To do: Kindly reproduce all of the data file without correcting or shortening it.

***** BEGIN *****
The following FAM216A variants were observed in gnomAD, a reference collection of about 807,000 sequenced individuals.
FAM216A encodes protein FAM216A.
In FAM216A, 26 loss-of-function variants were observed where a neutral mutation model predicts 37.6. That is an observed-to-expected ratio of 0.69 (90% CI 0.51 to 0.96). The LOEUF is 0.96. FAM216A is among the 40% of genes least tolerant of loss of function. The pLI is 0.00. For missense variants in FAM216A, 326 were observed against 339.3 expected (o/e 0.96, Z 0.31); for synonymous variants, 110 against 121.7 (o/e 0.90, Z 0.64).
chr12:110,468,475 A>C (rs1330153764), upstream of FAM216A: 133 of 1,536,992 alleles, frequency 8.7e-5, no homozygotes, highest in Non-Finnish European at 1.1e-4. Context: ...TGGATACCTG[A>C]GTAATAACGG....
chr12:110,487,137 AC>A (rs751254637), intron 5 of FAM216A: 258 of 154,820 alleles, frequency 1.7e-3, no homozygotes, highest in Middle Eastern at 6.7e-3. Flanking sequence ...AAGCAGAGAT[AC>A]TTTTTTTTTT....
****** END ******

The following FAM216A variants were observed in gnomAD, a reference collection of about 807,000 sequenced individuals.
FAM216A encodes protein FAM216A.
In FAM216A, 26 loss-of-function variants were observed where a neutral mutation model predicts 37.6. That is an observed-to-expected ratio of 0.69 (90% CI 0.51 to 0.96). The LOEUF is 0.96. FAM216A is among the 40% of genes least tolerant of loss of function. The pLI is 0.00. For missense variants in FAM216A, 326 were observed against 339.3 expected (o/e 0.96, Z 0.31); for synonymous variants, 110 against 121.7 (o/e 0.90, Z 0.64).
chr12:110,468,475 A>C (rs1330153764), upstream of FAM216A: 133 of 1,536,992 alleles, frequency 8.7e-5, no homozygotes, highest in Non-Finnish European at 1.1e-4. Context: ...TGGATACCTG[A>C]GTAATAACGG....
chr12:110,487,137 AC>A (rs751254637), intron 5 of FAM216A: 258 of 154,820 alleles, frequency 1.7e-3, no homozygotes, highest in Middle Eastern at 6.7e-3. Flanking sequence ...AAGCAGAGAT[AC>A]TTTTTTTTTT....